On the Feast of Saint Francis, patron saint of our city by the bay, Salvatore Cordileone will be installed as the Roman Catholic Archbishop of San Francisco. The announcement of his appointment by Pope Benedict has come with mixed reactions and feelings from San Franciscans of all or no faith tradition. Bishop Cordileone was an active supporter of Proposition 8, which I and the other Episcopal bishops throughout California opposed.
Despite this difference of opinion and support, I look forward to working with Archbishop-designate Cordileone when and how we can, remembering as the Apostle Paul writes that we are one body, united by one Lord, one faith, and one baptism. Christianity has a long tradition of the faithful disagreeing with one another yet working together for common mission for the building of the Reign of God.
Archbishop-designate Cordileone's predecessor and I have worked closely and fruitfully on reducing extreme poverty globally through the Millennium Development Goals. At the same time as we did this important work together, we took very different public positions on Proposition 8. We can and must both work together for the world's good, and it is equally important, as I say in most of my blessings at the conclusion of the Eucharist, that "we make no peace with oppression." The recognition of the dignity and rights, within civil society and the Church of lesbian, bisexual, gay and transgendered people, and of women are as core to our proclamation of the Gospel as our solidarity with the poor, with victims of violence and political oppression, and with the Earth.
Archbishop-designate Codelione and I share concerns for the treatment of immigrants to this country and reforming the United States’s immigration policies. Working to alleviate global poverty and change systems that disenfranchise all people are the concerns of those who follow our brother Christ, and that work is not limited to the work of bishops.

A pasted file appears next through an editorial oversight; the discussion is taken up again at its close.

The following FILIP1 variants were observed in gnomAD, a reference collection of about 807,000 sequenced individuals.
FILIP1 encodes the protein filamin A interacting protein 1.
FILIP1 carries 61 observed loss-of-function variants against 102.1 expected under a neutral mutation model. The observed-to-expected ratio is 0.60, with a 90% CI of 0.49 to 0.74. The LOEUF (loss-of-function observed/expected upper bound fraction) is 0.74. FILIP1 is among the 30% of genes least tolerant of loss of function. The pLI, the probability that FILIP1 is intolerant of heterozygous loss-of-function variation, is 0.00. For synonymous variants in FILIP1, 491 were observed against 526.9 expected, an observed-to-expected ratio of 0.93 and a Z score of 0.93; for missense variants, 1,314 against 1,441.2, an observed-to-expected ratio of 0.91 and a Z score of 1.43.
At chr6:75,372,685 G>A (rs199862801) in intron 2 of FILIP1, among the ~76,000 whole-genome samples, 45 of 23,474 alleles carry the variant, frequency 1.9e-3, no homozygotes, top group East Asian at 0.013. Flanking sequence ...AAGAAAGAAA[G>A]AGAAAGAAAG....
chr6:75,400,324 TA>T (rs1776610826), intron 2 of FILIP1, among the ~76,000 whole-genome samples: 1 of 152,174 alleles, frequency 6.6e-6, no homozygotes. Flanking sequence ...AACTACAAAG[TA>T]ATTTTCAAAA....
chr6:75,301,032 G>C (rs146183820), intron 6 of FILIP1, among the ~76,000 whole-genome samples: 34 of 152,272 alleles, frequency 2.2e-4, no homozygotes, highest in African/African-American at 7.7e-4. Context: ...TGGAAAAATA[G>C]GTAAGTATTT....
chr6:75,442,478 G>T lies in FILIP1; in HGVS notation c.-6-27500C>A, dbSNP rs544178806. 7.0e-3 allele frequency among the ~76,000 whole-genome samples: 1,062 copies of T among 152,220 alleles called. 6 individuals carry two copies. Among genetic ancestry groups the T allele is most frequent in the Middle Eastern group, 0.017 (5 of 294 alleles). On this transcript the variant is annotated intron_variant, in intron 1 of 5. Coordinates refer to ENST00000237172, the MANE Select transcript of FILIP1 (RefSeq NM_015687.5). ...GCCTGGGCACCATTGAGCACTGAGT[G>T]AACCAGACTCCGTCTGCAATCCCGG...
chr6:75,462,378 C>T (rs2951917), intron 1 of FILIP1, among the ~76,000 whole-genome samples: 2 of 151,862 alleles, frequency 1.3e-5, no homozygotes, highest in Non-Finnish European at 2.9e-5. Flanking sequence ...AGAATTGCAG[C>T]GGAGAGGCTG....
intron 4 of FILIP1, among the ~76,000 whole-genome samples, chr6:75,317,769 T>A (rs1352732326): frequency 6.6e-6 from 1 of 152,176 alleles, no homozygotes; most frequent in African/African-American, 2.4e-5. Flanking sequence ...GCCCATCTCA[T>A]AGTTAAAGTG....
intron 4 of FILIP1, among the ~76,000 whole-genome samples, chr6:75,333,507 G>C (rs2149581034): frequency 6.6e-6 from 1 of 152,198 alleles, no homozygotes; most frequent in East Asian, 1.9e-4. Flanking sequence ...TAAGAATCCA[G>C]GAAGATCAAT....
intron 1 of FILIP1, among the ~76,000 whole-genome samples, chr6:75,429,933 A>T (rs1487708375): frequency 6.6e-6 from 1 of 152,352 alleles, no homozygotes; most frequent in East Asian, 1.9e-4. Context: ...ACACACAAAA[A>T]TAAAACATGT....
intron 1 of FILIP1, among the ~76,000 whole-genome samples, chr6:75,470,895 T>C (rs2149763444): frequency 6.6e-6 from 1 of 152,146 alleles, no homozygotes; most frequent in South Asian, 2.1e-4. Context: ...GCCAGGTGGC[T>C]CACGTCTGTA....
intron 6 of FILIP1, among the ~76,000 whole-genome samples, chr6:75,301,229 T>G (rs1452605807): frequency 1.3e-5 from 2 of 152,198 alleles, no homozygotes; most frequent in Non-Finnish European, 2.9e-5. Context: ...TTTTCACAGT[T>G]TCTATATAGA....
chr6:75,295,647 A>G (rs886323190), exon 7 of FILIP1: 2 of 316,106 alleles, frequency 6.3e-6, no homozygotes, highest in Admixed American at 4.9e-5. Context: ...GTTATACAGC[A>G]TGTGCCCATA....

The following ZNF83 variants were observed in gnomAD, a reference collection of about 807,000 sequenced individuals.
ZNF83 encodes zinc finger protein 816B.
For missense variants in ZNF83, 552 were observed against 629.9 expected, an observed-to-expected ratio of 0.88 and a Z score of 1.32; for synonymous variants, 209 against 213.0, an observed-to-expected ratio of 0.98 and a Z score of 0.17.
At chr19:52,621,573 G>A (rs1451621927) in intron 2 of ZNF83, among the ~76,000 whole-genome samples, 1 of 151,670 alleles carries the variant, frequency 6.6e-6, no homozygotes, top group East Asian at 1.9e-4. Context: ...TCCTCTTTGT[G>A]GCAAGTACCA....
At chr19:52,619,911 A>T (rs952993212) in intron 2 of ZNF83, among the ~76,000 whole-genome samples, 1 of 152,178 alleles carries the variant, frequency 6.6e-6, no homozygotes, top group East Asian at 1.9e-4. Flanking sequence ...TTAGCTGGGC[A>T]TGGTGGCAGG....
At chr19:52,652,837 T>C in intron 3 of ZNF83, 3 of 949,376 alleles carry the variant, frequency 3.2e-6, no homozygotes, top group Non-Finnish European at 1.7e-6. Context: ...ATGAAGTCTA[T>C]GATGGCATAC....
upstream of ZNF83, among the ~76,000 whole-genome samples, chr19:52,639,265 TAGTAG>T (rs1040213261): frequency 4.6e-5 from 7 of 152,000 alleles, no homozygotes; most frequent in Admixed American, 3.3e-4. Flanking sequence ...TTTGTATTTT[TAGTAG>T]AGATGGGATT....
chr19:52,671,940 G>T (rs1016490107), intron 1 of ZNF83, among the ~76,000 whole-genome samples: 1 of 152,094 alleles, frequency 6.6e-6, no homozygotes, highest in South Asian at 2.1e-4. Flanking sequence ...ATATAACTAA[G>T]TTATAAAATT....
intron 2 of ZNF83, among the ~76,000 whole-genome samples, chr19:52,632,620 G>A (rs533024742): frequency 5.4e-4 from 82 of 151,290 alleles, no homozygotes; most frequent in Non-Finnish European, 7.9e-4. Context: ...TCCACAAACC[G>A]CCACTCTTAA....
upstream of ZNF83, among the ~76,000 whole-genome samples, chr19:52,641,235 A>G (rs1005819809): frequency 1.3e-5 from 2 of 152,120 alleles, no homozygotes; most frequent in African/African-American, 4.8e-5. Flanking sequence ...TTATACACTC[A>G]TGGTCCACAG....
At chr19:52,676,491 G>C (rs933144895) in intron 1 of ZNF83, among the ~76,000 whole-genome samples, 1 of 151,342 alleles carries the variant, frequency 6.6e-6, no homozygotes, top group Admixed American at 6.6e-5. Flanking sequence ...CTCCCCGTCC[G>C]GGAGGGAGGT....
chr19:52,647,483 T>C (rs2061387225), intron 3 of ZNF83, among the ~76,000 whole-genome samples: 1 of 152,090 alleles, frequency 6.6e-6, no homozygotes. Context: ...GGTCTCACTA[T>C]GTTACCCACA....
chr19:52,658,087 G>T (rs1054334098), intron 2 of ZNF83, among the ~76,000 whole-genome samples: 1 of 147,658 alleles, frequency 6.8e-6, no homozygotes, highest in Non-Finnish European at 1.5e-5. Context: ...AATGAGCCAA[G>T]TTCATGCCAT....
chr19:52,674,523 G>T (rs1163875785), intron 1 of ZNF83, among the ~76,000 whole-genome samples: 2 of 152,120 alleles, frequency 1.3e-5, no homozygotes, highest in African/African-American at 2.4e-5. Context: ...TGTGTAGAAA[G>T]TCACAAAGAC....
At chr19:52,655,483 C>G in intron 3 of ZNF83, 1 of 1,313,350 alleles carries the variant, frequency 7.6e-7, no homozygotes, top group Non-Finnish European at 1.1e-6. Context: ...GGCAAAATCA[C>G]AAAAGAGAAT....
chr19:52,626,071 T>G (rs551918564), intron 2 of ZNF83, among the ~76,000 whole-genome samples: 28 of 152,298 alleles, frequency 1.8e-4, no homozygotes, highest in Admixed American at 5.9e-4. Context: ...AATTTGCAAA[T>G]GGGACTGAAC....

In working together with the Archdiocese of San Francisco, however, I will not change my course with regard to the full inclusion of all people in the full life of the church. I hope that public disagreements can be handled respectfully and that criticisms of public statements may be met with mutual respect. Some Catholics may find themselves less at home with Salvatore Cordileone’s installation and they may come to The Episcopal Church. We should welcome them as our sisters and brothers.
Even as we welcome those who may join us and look for ways to work with our Roman Catholic siblings in the faith, we will not be silenced in our proclamation of God’s inclusion. Our ecumenical partnership should be founded in our following Christ and shared service. It is our Christian duty to take stands in public or from our pulpits when others — especially those of our own faith — are in error and trying to suppress the rights of others who, too, have been created in God’s image.
I hope that we may move forward together in ministry and faith in a way that bears witness to the unity of Christianity without necessitating uniformity. I look forward to attending Salvatore Cordileone’s installation as Archbishop of San Francisco and working with him in the future.
+Marc Handley Andrus
Episcopal Bishop of California